Both extracellular and hepatobiliary agents can be used for imaging of the liver. We favour the use of the more expensive hepatobiliary agents only in specific cases where key decisions are to be made with regard to transplant or locoregional treatment. Indeed, hepatobiliary agents can present radiologists with greater diagnostic conundrums in contrast to more clarity.

Extracellular gadolinium-based contrast agents (for example, gadopentetate dimeglumine (Gd-DTPA), Magnevist®, Bayer HealthCare), distribute from the vascular space into the interstitial compartment. The standard dose is 0.1 mmol/kg typically injected intravenously at a rate of 2 mL/s followed by a normal saline “flush” of 20 to 50 mL.

Hepatobiliary agents distribute into the interstitial space, but, importantly for hepatic imaging, are also taken up by hepatocytes with subsequent biliary excretion. Multihance, Bracco Diagnostics, Princeton, NJ, USA) was the first to be approved. Approximately 95% of this agent is excreted by the kidney, but 3 to 5% is taken up by the normal hepatocytes and excreted into the biliary tract. Gadoxetate Disodium (U.S: Eovist, Europe: Primovist, Bayer Healthcare Pharmaceuticals, Wayne, NJ, USA) has approximately 50:50 excretion between renal (glomerular filtration) and hepatocyte uptake/biliary excretion. This can therefore be used for the early dynamic imaging phase in the liver, as above, followed by a 20 min T1-weighted imaging phase where the liver is of higher signal intensity and non-hepatocyte containing masses will be of low signal intensity. Hepatocyte-specific contrast agents have been shown in many studies to increase lesion sensitivity for HCC by capitalizing on evidence that poorly differentiated HCCs do not contain functioning hepatocytes and bile ducts, and therefore demonstrate hypointense signal relative to the surrounding liver parenchyma [30, 31]. Combining contrast-enhanced MRI features and hepatobiliary phase imaging has demonstrated sensitivities and specificities of greater than 90% [31].

Potential pitfalls that apply specifically to Eovist/Primovist include transient marked motion on arterial phase images, inability to assess washout after the portal venous phase due to early parenchymal enhancement, difficulty identifying “capsule appearance” due to hepatic parenchymal enhancement, and difficulty identifying venous tumor invasion due to more rapid venous clearance and decreased vein to liver contrast [32, 33].

The use of hepatobiliary agents for the diagnosis of HCC is in transition. Some major HCC imaging guidelines do not mention this class contrast agents [5, 6, 34], while other societies or organizations recommend their use [35]. It remains unclear whether hepatobiliary phase contrast hypoenhancement [32] will be more widely incorporated in comparison with conventional extracellular contrast agent imaging characteristics for the diagnosis of HCC (Table 1).

CT technique

Multidetector CT (MDCT) allows fast, high-quality, thin-section imaging and permits 3D reconstruction with better spatial resolution than that of MRI. Fast injection rates (4–8 ml/s) provide more reliable enhancement during the hepatic arterial phase and increase the sensitivity of CT to liver lesions. Studies have demonstrated hypervascular components in 81–89% of HCCs [36]. For patients with contraindications to MRI CT serves as an adequate alternative.

CT imaging technique is based on the same principles as dynamic contrast MRI, using arterial enhancement, delayed washout, and a delayed enhancing pseudocapsule as the pillars of diagnosis. The precontrast images serve as a baseline to gauge subsequent enhancement. Following the injection of 100 ml of Omnipaque 350 (Iohexol) we use a bolus tracking system (threshold attenuation in the aorta 150 HU) to initiate arterial phase breathhold imaging through the liver. Subsequent series of images are taken at 65 s and 240 s to provide venous and delayed phase imaging Subtraction images (postcontrast minus precontrast) may be helpful for detection of enhancement and evaluation of its degree [37] (Table 1).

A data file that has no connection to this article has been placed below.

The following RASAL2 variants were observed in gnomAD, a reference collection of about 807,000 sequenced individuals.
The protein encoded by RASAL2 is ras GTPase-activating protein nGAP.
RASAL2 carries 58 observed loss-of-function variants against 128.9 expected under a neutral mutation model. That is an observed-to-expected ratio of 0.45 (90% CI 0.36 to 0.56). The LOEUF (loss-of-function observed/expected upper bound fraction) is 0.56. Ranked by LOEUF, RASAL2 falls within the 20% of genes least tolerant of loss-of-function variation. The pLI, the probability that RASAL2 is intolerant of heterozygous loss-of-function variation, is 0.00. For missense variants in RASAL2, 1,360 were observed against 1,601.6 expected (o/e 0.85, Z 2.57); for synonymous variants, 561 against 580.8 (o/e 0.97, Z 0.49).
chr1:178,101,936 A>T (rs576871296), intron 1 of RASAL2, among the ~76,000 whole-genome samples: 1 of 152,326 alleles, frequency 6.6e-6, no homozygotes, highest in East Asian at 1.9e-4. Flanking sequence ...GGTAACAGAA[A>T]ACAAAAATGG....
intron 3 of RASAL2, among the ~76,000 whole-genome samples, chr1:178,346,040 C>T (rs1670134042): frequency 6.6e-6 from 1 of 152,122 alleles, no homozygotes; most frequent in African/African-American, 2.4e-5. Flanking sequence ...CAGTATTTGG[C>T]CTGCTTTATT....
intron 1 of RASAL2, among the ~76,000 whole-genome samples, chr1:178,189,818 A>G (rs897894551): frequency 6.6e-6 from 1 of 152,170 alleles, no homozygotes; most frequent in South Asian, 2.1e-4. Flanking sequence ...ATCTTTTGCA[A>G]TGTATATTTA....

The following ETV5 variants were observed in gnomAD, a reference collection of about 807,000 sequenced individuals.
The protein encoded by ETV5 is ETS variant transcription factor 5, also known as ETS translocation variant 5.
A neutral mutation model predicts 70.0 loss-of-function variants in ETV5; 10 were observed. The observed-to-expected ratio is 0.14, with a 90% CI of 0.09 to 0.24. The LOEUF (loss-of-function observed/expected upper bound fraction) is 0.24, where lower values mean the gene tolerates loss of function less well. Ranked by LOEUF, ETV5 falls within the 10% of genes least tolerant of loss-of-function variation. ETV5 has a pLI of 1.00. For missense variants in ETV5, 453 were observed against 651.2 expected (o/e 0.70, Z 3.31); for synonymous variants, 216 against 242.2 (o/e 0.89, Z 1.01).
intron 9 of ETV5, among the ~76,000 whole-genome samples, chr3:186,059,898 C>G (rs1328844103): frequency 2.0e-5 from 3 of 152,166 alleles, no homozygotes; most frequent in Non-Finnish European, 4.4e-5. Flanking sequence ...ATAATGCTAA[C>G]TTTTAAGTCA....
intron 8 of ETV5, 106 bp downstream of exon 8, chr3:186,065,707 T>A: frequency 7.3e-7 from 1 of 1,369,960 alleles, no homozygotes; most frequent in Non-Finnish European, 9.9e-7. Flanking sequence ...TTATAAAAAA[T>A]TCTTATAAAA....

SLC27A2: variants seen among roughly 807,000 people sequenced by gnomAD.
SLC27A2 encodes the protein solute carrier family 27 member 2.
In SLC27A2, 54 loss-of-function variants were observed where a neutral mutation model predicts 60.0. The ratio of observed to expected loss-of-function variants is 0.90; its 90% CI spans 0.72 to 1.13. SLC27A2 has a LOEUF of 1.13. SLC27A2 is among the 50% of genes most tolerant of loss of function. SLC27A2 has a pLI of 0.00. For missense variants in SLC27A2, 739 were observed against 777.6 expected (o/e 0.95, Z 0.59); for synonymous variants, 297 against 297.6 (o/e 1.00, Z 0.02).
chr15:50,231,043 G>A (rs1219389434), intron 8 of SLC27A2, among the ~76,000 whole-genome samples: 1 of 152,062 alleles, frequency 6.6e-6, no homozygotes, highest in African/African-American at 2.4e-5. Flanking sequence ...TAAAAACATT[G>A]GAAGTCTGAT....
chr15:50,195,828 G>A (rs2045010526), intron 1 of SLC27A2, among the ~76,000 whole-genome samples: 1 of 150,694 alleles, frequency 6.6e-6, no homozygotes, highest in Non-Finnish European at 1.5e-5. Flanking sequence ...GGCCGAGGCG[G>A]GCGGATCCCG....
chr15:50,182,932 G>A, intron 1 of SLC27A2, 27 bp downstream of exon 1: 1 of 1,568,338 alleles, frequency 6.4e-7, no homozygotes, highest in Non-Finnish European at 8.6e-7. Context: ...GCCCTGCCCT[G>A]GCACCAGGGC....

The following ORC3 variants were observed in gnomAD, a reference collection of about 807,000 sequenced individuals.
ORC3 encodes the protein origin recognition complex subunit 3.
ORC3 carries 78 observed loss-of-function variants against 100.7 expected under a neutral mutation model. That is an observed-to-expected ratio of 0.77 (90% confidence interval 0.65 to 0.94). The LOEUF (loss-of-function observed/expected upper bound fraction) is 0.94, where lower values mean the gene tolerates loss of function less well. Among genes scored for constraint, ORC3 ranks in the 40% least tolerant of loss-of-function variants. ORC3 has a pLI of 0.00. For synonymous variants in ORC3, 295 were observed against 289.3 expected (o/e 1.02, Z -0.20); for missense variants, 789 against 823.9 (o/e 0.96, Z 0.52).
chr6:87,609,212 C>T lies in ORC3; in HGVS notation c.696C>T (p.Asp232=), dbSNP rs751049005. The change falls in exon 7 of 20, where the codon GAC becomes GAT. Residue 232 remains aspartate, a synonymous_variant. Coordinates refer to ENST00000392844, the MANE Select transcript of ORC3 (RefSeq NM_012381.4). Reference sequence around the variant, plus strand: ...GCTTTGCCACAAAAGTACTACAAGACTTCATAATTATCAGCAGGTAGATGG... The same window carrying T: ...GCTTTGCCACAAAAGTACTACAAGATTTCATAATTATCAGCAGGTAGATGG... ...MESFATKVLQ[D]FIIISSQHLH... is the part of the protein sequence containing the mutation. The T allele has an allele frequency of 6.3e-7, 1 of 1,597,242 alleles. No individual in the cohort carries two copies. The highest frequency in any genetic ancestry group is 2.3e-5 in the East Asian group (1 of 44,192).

Diagnosis of HCC and report writing

The hallmark feature of HCC on both CT and MRI is late arterial enhancement with washout relative to the liver parenchyma during the venous or delayed phases (3–5 min post injection) (Fig. 1). This pattern of enhancement has been shown to demonstrate high specificity and positive predictive value [3840] making it the noninvasive standard for HCC diagnosis [5, 6, 35, 4144].

Fig. 1
figure 1

54 year old male with hepatitis C cirrhosis. CT shows an arterial enhancing nodule a with washout of contrast in the delayed phase b consistent with hepatocellular carcinoma

In addition to the enhancement pattern, additional features of HCC have been described which are also specific for HCC including capsular enhancement [30, 45, 46]. Capsular enhancement (Fig. 2) is defined as a persistent peripheral enhancing rim seen on venous and delayed phases.

Fig. 2
figure 2

67 year old male with alchohol liver disease and cirrhosis. Venous phase MRI with gadolinium demonstrates an HCC nodule at the dome of the liver with capsular enhancement

More specific to MRI, a diagnosis of HCC is often attributed to a lesion showing only arterial enhancement or only washout and pseudocapsule formation, if the lesion also demonstrates increased signal intensity on T2-weighted mages [47, 48] or if the lesion restricts diffusion [25, 27, 49], although some caution should be applied to both of these adjuncts as they can result in false positive interpretations [50] (Table 2).

Table 2 MRI major and ancillary features for the diagnosis of HCC

Intracellular lipid detected within a nodule on dual-echo in and opposed phase T1-weighted MRI is an additional finding which has been shown to be reasonably specific for HCC. This can be a useful addition to the toolbox when looking at a lesion with non-specific enhancement characteristics as intracellular lipid is very rare in a regenerative or dysplastic nodules [51] (Fig. 3).